• Yes calcium and even watering will help. You can add crushed eggs to a watering can full of water or spread the crushed eggs around the plant stem and water. Or spread a fertilizer rich in calcium around the plant. Keep the soil evenly moist so that the plant cells grow uninterrupted.

  1. My garden plants are not growing well, just not growing taller or developing well. Some tomatoes blooming, but growth very small. Pepper plants still very small. If I add organic compost or peat moss, should I do this right on top of the existing soil and just lightly turn it around the existing plants, or do I wait until this season is over and just start in the fall? I hate to waste the remainder of the season. THanks for any help!

    • You can either add the compost across the soil surface or turn it lightly under without disturbing plant roots. Irrigation or rain water will then carry the nutrients down to the feeding roots. Small fruit growth on tomatoes and peppers may be the result of cool days or cool nights as well.

  2. I have a vegetable garden as well s many flowers. Last week as I was weeding, I found a huge jelly like substance around one of my celery plants. I dug this out and thought everything was okay. Today I noticed in a windowbox with flowers, the same jelly like substance around each flower and a bunch of flies all over the plants. What is this? And more importantly, how do I get rid of it?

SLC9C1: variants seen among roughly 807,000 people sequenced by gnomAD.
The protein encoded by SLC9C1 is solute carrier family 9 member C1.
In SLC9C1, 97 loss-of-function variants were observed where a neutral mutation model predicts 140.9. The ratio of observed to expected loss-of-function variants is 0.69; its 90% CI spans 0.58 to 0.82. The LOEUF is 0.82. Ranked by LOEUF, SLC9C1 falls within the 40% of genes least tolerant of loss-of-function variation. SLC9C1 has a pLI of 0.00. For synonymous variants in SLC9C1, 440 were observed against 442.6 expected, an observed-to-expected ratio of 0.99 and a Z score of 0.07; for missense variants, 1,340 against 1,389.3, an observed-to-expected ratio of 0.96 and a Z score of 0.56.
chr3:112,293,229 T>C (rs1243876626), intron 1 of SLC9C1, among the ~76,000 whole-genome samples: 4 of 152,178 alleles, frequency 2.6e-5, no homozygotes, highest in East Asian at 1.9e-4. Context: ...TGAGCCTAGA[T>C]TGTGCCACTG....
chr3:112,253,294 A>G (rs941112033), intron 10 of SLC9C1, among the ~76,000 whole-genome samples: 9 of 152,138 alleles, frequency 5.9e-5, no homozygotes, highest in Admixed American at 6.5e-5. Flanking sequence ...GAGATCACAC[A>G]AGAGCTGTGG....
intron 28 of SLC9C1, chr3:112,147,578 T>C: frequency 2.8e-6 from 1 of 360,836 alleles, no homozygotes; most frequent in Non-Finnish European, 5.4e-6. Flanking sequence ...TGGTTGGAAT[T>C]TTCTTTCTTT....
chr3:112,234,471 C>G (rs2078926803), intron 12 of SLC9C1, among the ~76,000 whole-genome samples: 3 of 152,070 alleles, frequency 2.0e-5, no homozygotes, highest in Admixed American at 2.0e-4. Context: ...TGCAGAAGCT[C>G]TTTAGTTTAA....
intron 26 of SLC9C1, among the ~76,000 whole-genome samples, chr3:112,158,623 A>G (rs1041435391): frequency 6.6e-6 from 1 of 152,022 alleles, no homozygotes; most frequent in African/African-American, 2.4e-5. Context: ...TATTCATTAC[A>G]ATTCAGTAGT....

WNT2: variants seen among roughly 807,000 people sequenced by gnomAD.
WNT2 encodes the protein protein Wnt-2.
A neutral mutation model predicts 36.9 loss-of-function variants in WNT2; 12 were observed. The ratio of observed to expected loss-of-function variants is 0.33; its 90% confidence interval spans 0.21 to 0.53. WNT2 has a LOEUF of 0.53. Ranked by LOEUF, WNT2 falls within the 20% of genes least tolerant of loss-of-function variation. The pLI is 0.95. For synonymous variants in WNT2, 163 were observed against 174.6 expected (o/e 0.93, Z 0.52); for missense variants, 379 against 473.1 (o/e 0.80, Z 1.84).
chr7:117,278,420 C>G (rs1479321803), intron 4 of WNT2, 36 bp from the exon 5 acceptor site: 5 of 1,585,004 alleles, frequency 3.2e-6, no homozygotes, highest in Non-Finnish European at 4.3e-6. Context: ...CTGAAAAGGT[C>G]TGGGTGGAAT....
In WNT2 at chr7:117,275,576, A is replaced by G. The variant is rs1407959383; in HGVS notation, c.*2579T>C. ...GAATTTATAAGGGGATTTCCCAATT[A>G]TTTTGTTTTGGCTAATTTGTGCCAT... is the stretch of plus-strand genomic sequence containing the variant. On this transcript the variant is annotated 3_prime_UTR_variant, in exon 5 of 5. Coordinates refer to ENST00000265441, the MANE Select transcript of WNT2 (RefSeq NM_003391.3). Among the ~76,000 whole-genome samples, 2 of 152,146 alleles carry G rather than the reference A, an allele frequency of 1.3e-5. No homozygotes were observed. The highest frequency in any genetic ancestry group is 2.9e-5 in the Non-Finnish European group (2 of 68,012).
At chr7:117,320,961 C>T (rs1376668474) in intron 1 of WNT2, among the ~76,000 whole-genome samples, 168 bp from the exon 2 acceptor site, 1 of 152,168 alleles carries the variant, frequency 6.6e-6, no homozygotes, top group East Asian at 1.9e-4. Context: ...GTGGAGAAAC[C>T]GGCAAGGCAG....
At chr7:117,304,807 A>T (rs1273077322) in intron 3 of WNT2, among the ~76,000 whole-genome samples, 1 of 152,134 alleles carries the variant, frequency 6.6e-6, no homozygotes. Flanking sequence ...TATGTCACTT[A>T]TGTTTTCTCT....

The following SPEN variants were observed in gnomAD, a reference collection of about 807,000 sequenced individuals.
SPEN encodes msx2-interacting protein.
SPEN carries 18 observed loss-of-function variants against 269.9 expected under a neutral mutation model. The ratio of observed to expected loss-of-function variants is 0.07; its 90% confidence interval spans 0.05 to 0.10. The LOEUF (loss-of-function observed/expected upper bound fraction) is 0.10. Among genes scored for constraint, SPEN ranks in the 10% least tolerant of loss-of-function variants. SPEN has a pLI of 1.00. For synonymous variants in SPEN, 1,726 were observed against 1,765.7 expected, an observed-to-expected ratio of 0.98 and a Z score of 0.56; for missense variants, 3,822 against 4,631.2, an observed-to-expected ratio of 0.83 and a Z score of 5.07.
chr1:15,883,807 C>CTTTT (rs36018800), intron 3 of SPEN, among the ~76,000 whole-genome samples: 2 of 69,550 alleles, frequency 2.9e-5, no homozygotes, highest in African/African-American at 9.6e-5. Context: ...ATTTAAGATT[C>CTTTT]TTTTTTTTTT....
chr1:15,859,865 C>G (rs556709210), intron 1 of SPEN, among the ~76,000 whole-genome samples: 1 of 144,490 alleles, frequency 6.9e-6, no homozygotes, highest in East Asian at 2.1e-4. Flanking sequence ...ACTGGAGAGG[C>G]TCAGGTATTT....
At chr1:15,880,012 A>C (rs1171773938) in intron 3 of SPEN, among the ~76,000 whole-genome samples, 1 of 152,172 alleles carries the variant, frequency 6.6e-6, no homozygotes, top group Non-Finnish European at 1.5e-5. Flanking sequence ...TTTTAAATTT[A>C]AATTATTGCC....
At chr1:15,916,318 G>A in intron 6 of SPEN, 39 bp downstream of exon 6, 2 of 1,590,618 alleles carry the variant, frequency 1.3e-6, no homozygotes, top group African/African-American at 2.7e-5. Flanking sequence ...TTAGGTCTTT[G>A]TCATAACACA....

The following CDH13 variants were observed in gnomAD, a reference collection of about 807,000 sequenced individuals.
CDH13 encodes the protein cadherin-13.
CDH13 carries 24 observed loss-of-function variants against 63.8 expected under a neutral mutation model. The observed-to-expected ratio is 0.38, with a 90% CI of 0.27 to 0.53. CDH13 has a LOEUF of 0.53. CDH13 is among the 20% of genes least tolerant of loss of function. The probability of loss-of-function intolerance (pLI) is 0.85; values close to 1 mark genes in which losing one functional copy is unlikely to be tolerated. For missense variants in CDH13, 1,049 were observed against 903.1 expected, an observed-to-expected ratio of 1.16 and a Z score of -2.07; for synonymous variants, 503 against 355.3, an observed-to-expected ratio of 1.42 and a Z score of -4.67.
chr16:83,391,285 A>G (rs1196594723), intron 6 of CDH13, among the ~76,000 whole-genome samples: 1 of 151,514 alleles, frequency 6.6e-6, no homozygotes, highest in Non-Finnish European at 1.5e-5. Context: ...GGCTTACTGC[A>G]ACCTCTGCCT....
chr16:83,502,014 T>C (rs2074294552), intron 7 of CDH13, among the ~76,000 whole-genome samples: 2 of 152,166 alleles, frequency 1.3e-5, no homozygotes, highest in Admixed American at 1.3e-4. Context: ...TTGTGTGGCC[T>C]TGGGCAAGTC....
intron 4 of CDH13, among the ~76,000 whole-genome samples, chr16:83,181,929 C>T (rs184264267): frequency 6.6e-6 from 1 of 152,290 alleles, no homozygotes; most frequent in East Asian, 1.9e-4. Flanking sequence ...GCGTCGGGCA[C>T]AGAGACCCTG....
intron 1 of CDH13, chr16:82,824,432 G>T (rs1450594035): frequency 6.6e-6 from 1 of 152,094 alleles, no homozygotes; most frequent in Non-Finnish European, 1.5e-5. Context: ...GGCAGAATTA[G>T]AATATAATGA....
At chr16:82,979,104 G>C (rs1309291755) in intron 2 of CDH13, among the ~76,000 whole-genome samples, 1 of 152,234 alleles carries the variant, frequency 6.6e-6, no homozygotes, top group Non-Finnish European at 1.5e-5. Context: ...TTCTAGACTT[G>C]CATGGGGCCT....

• Have you added a commercial potting mix or soil to your window boxes or planting beds that contains a moisture-retentive polymer? These ploymers soak up water and then slowing release back into the soil; they have a clear jelly like appearance when hydrated.
      Another possibility is slime molds, a single-celled organism, that lives on dead plant material, often in lawns or garden beds. If you suspect slime mold, take a sample to a nearby office of the state agriculture office for identification. You can dig around slime mold organisms and remove them from the garden and dispose of them, but the spores that begin their growth may remain in the garden and form new organisms.

    • White patches on cucumber leaves is likely a sign of powdery mildew (white mold on fruits is likely southern blight or white mold). To control and kill fungal spores of powdery mildew get a fungal spray at the garden center or add a tablespoon of baking soda, 2.5 tablespoons of vegetable oil, and a teaspoon of liquid soap (not detergent) to a gallon of water and spray the plants.
      Bean leaves that shrivel: the first thing to check is soil moisture–the soil should stay evenly moist early in the season when roots have not yet grown deep; make sure your plants are getting water every couple of days. If watering is not the problem, then bacterial blight or mosaic virus may be attacking your plants–remove diseased plants and replant with disease resistant cultivars.

    • This is my first year doing a raised bed garden. We planted vegetable starts on March 16th. Nothing appears to be growing at all. Leaves are light green. Soil test showed extremely deficient in Nitrogen, Phosphorus, and Potassium. We dumped gallons and gallons of 20-20-20 on garden 4 days ago. Also, moisture tester shows moisture several days without water. Is our garden not draining properly? Redoing soil test again today for N,P,, and K. Any help would be greatly appreciated.